From his position in Central Europe, Attila, like Alaric before him, was able to threaten either the Eastern or the Western Empire at pleasure. For almost ten years (440-450) he seemed to be bent on picking a quarrel with Theodosius II., the feeble and unwarlike prince who reigned at Constantinople. He laid waste the provinces south of the Danube with his desolating raids; he worried the Imperial Court with incessant embassies, each more exacting and greedy than the last (for the favour of the rude Hunnish envoy had to be purchased by large gifts from the Imperial Treasury); he himself insisted on the payment of yearly stipendia by the Emperor; he constantly demanded that these payments should be doubled; he openly stated that they were nothing else than tribute, and that the Roman Augustus who paid them was his slave.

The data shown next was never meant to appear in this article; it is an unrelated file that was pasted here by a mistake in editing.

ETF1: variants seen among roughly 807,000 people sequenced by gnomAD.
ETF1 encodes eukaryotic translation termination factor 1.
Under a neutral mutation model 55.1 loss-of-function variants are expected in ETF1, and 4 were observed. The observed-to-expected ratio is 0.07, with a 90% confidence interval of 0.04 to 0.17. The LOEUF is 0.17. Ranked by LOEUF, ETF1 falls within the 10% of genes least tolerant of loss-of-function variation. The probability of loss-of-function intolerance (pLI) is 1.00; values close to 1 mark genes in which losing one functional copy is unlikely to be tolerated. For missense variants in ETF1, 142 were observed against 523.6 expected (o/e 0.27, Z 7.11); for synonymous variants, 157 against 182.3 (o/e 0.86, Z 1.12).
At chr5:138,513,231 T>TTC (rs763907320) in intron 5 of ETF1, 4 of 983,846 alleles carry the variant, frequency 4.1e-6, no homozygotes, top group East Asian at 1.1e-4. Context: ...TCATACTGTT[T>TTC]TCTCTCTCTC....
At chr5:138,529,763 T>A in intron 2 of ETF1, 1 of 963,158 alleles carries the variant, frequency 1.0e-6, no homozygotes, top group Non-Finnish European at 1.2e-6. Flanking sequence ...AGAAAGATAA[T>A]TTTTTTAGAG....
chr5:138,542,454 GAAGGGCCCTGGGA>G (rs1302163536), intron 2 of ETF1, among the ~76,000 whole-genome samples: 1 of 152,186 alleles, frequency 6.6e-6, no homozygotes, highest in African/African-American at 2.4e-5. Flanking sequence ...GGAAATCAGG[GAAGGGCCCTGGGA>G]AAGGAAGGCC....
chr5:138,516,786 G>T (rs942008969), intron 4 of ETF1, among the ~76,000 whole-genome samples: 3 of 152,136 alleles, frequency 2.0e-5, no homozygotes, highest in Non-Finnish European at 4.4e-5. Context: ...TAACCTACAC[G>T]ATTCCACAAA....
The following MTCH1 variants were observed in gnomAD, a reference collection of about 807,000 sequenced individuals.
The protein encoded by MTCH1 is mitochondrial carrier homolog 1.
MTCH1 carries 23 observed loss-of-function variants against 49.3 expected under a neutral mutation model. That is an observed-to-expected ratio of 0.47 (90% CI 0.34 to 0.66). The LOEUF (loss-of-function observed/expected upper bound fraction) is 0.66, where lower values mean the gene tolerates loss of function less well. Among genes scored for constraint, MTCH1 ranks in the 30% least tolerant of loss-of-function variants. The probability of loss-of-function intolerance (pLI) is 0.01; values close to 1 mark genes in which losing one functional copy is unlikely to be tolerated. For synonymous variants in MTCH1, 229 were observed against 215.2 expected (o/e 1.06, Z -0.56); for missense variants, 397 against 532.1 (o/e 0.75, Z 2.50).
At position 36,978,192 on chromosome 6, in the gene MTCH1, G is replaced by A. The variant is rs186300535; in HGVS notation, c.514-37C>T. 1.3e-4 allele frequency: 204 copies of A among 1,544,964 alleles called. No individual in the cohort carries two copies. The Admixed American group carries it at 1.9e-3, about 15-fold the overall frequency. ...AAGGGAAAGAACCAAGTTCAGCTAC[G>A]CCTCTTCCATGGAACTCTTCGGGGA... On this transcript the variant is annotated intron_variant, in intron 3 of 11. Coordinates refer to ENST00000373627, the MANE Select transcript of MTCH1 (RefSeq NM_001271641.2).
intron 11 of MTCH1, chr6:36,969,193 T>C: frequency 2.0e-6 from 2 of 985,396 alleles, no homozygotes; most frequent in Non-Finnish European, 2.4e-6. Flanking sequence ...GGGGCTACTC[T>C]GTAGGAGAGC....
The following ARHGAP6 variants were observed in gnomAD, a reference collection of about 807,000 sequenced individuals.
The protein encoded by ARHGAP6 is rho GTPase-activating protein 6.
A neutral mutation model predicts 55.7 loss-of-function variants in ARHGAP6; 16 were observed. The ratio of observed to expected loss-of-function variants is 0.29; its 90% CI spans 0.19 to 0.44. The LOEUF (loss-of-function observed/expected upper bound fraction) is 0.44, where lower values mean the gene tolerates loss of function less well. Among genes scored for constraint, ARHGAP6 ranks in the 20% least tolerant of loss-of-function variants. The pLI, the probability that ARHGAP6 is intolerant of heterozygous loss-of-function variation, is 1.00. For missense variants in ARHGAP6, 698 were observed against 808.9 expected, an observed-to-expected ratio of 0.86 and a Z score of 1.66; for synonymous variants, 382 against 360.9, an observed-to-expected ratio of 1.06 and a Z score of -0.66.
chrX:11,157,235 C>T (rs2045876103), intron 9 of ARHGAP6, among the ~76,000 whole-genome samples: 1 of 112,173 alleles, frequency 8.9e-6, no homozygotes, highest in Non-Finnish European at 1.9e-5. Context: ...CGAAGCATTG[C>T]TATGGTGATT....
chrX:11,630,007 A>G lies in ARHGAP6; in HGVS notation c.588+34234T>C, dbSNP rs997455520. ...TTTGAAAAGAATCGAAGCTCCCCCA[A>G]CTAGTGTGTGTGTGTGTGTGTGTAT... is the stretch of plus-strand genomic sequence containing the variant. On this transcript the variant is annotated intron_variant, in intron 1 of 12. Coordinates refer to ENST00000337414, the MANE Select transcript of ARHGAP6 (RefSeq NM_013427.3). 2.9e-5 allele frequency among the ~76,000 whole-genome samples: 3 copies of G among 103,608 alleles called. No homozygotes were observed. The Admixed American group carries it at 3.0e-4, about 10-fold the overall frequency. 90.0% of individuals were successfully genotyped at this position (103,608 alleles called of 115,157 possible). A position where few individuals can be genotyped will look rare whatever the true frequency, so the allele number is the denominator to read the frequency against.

These practices were continued until, in the year 450 the gentle Theodosius died. He was succeeded by his sister Pulcheria and her husband Marcian, who soon gave a manlier tone to the counsels of the Eastern Empire. Attila marked the change and turned his harassing attentions to the Western State, with which he had always a sufficient number of pretexts for war ready for use. In fact he had made up his mind for war, and no concessions, however humiliating, on the part of Valentinian III., the then Emperor of the West, would have availed to stay his progress. Not Italy however, to some extent protected by the barrier of the Alps, but the rich cities and comparatively unwasted plains of Gaul attracted the royal freebooter. Having summoned his vast and heterogeneous army from every quarter of Central and North-eastern Europe, and surrounded himself by a crowd of subject kings, the captains of his host, he set forward in the spring of 451 for the lands of the Rhine. The trees which his soldiers felled in the great Hercynian forest of Central Germany were fashioned into rude rafts or canoes, on which they crossed the Rhine; and soon the terrible Hun and his "horde of many-nationed spoilers" were passing over the regions which we now call Belgium and Lorraine in a desolating stream. The Huns, not only barbarians, but heathens, seem in this invasion to have been animated by an especial hatred to Christianity. Many a fair church of Gallia Belgica was laid in ashes: many a priest was slain before the altar, whose sanctity was vain for his protection. The real cruelties thus committed are wildly exaggerated by the mythical fancy of the Middle Ages, and upon the slenderest foundations of historical fact arose stately edifices of fable, like the story of the Cornish Princess Ursula, who with her eleven thousand virgin companions was fabled to have suffered death at the hands of the Huns in the city of Cologne.